9/26/2006

High Holidays 5767


L'Shana Tova Tikatevu"May you be written down for a good year" (Rosh Hashanah greeting)

As I sat, on Saturday, September 23, the Jewish New Year of 5767 . within this very humble synagogue (Ahavas Sholom), the last operating synagogue in Newark, New Jersey, I sat wondering how I might meaningfully blog on the experience I was having that day. As the Cantor, (the professional singer who leads prayer services) orHazzan, as it is called in Hebrew was singing the prayers, I explored the Prayer Book ( the one used just for the holidays of Rosh Hashanah and Yom Kippur) searching for something that would elicit a feeling of special meaning for the day. I was seeking inspiration. It was not an easy task.

Granted, the task was ever the more difficult because not only am I not a truly religious person, but I am an agnostic, which makes the exploration itself, well, maybe a little hyrpocritical. After all, the book in which I am looking is one of Prayer and the prayers are all directed to God. If I don't believe in God, or even just question her existence, then how do I expect to find inspiration or something meaningful? I don't know how to answer this question, except to say that I do (expect to find meaning and inspiration). There is something to be said about the significance of prayer beyond it's relation to God. For example, the fact that most prayers are said, at least in the Jewish tradition, in unison with the community that is present is significant. I can remember when I was a young teenager, being at USY (United Synagogue Youth) conventions, with hundreds of other kids and singing some simple Hebrew song, like Henay Ma Tov U'manayim, Shevet Achim B'yachad (translation...Oh, how good and how nice it is to be sitting together with my brothers and sisters) in rounds. The spirit in that room and that pervaded that little 14 or 15 year old Jewish girl, was tangible and tremendous. Also, the fact that the words of the prayers and more significantly, the tunes in which they are sung, are consistent, also adds a sense of familiarity and spirit (though truth be told, they always change the tunes of the more familiar prayers for the High Holidays and though I know this, it disappoints me every time).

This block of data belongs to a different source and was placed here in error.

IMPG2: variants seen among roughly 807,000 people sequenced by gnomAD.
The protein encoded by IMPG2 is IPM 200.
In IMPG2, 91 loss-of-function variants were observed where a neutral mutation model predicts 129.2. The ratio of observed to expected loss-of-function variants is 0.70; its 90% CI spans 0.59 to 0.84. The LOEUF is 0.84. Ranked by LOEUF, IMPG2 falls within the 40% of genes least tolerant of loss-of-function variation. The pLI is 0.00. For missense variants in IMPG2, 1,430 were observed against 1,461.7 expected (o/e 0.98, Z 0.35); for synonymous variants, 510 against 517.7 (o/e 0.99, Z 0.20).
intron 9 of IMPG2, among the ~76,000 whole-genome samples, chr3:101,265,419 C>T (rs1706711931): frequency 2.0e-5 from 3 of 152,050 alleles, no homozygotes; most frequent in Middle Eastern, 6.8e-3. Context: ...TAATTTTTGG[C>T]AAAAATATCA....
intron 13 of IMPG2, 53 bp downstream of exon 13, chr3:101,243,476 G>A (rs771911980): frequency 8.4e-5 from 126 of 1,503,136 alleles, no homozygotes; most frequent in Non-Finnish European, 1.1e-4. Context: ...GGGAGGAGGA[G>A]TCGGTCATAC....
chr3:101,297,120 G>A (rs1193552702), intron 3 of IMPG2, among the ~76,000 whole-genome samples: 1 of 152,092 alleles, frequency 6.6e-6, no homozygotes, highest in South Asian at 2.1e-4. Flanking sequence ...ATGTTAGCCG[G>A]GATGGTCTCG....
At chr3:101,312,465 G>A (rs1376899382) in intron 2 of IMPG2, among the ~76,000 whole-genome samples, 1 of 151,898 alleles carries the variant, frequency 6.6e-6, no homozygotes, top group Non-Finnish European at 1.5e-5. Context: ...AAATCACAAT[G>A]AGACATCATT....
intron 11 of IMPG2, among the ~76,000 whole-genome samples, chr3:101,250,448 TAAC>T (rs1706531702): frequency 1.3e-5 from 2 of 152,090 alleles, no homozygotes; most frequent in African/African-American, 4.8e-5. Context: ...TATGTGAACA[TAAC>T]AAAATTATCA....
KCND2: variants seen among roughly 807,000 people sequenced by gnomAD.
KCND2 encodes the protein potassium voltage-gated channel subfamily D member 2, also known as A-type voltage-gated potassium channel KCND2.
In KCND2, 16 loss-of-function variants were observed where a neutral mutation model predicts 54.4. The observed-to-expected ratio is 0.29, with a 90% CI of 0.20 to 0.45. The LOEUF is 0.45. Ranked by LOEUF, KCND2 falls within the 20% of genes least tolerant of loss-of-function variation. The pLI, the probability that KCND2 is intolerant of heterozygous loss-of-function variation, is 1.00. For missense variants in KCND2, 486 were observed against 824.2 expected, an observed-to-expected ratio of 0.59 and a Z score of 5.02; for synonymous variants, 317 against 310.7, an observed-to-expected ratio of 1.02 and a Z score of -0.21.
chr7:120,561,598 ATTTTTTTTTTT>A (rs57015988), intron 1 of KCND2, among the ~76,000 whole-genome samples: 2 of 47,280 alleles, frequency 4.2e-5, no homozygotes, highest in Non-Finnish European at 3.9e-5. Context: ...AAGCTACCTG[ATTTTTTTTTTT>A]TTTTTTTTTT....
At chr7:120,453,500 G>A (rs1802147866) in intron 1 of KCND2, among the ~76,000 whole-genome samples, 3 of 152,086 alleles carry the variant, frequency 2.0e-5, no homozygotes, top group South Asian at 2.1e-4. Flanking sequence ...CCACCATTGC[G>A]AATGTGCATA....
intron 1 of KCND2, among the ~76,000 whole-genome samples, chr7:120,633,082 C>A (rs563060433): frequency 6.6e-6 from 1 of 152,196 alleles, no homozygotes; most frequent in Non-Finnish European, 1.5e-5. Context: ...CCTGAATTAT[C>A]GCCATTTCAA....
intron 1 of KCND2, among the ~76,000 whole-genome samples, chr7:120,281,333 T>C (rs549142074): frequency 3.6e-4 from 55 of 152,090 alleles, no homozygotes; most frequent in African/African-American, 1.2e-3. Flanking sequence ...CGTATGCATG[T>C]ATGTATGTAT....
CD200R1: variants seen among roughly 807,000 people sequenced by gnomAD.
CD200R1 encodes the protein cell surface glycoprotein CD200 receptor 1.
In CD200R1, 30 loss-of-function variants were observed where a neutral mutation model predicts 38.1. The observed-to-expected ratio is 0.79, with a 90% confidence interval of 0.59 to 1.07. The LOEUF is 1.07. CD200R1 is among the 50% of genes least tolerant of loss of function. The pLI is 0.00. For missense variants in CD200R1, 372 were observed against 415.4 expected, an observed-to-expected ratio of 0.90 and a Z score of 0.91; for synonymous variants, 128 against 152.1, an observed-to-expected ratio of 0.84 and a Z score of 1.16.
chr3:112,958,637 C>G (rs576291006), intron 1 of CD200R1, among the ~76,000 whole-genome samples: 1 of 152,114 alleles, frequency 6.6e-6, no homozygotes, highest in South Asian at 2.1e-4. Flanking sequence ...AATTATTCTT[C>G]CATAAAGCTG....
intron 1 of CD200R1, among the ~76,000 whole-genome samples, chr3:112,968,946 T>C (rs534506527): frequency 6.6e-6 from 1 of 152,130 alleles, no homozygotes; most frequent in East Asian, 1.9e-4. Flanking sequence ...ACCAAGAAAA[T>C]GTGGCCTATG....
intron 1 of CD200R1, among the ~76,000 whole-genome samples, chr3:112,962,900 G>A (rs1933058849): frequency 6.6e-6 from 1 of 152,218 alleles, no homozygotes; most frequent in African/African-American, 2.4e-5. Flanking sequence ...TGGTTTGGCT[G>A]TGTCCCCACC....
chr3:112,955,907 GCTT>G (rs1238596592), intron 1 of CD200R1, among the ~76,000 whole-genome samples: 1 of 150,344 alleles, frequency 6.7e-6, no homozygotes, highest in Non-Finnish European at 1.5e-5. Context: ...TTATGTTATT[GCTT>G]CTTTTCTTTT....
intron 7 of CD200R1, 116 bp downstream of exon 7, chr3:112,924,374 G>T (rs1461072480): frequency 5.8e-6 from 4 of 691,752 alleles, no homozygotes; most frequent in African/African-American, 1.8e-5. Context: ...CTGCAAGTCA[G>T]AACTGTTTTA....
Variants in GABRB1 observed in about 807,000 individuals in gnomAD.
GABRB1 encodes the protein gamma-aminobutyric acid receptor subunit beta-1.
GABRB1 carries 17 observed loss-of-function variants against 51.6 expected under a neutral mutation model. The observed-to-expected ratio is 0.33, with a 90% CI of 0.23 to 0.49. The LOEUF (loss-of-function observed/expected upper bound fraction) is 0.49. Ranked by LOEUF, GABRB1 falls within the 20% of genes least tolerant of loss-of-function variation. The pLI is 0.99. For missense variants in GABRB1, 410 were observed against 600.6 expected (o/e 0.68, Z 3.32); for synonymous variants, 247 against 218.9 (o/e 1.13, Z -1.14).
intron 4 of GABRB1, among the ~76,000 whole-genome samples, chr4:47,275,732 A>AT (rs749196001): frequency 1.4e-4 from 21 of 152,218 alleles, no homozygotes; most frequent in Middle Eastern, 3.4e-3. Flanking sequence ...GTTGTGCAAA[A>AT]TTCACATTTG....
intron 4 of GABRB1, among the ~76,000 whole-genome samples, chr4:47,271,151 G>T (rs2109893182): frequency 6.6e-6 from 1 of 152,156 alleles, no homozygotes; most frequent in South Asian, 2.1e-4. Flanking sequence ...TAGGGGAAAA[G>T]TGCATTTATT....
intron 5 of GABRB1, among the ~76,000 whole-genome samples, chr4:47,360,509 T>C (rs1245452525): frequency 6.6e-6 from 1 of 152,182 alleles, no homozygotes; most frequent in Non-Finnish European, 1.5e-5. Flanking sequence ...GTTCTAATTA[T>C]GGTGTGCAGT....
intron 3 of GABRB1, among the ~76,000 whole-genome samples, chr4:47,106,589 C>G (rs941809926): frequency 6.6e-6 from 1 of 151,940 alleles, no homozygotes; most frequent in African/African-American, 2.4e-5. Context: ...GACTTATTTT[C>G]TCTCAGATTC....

So, I searched and came up with three entries that I think help to consolidate the meaning of the High Holidays, at least for me. TheMehila is not really a prayer, but rather a supplication that in the Jewish tradition is required of every Jew before Yom Kippur. The idea is that before you can ask God for forgiveness on the Day of Atonement, you must first have asked your fellow human beings. I will begin with it and I will also mention that should it apply to any of my friends here in cyber-space, all the better.